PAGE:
Abstract |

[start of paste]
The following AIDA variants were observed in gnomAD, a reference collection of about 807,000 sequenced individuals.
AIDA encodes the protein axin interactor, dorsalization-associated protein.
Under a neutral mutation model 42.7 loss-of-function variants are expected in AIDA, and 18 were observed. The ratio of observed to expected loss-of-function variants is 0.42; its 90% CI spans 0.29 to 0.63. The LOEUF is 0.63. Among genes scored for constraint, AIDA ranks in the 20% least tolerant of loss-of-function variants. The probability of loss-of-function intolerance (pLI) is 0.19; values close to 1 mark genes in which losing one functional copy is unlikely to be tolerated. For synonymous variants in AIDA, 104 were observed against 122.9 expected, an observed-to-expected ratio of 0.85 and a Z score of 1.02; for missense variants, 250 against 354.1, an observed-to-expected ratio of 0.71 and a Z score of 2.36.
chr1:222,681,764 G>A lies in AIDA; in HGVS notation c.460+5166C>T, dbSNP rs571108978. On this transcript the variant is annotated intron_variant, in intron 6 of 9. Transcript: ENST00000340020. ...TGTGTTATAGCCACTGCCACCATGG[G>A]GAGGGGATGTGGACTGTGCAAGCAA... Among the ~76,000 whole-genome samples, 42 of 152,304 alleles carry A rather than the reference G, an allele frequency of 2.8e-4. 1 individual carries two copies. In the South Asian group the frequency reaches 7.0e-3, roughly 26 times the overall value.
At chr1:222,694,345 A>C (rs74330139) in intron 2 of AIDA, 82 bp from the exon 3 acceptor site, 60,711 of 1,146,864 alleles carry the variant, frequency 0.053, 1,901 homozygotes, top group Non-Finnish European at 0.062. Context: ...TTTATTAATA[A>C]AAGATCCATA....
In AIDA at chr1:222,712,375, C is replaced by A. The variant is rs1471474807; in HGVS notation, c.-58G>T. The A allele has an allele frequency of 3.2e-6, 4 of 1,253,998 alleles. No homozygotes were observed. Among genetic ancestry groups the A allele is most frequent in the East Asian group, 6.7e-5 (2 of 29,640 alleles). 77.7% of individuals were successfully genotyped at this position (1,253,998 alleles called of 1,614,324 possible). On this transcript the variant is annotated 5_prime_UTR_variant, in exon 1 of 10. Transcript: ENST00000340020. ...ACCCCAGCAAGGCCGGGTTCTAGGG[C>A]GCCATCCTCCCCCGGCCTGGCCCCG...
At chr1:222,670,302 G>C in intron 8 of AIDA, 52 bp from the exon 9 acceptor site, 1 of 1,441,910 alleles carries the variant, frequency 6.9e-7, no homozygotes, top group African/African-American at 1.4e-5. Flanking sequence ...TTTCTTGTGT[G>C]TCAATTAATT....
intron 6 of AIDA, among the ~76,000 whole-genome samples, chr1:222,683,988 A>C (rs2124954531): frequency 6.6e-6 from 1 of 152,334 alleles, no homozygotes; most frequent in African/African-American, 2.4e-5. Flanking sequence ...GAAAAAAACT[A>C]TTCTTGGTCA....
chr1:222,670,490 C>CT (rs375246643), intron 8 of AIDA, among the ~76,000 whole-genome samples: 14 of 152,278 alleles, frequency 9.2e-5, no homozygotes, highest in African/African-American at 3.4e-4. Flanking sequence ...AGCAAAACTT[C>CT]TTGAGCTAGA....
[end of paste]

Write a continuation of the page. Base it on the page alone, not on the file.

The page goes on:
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[eng] Linear factor models have attracted considerable interest over recent years especially in the econometrics literature. The intuitively appealing idea to explain a panel of economic variables by a few common factors is one of the reasons for their popularity. From a statistical viewpoint, the need to reduce the cross-section dimension to a much smaller factor space dimension is obvious considering the large data sets available in economics and finance. One of the characteristics of the traditional factor model is that the process is stationary in the time dimension. This appears restrictive, given the fact that over long time periods it is unlikely that e.g. factor loadings remain constant. For example, in the capital asset pricing model (CAPM) of Sharpe (1964) and Lintner (1965), typical empirical results show that factor loadings are time-varying, which in the CAPM is caused by time-varying second moments. In this thesis we generalize the tools of factor analysis for the study of stochastic processes whose behavior evolves over time. In particular, we introduce a new class of factor models with loadings that are allowed to be smooth functions of time. To estimate the resulting nonstationary factor model we generalize the properties of the principal components technique to the time-varying framework. We mainly consider separately two classes of Evolutionary Factor Models: Evolutionary Static Factor Models (Chapter 2) and Evolutionary Dynamic Factor Models (Chapter 3). In Chapter 2 we propose a new approximate factor model where the common components are static but nonstationary. The nonstationarity is introduced by the time-varying factor loadings, that are estimated by the eigenvectors of a nonparametrically estimated covariance matrix. Under simultaneous asymptotics (cross-section and time dimension go to infinity simultaneously), we give conditions for consistency of our estimators of the time varying covariance matrix, the loadings and the factors. This paper generalizes to the locally stationary case the results given by Bai (2003) in the stationary framework. A simulation study illustrates the performance of these estimators. The estimators proposed in Chapter 2 are based on a nonparametric estimator of the covariance matrix whose entries are computed with the same moothing parameter. This approach has the advantage of guaranteeing a positive definite estimator but it does not adapt to the different degree of smoothness of the different entries of the covariance matrix. In Chapter 5 we give an additional theoretical result which explains how to construct a positive definite estimate of the covariance matrix while while permitting different smoothing parameters. This estimator is based on the Cholesky decomposition of a pre-estimator of the covariance matrix. In Chapter 3 we introduce the dynamics in our modeling. This model generalizes the dynamic (but stationary) factor model of Forni et al. (2000), as well as the nonstationary (but static) factor model of Chapter 2. In the stationary (dynamic) case, Forni et al. (2000) show that the common components are estimated by the eigenvectors of a consistent estimator of the spectral density matrix, which is a matrix depending only on the frequency. In the evolutionary framework the dynamics of the model is explained by a time-varying spectral density matrix. This operator is a function of time as well as of the frequency. In this chapter we show that the common components of a locally stationary dynamic factor model can be estimated consistently by the eigenvectors of a consistent estimator of the time-varying spectral density matrix. In Chapter 4 we apply our theoretical results to real data and compare the performance of our approach with that based on standard techniques. Chapter 6 concludes and mention the main questions for future research. |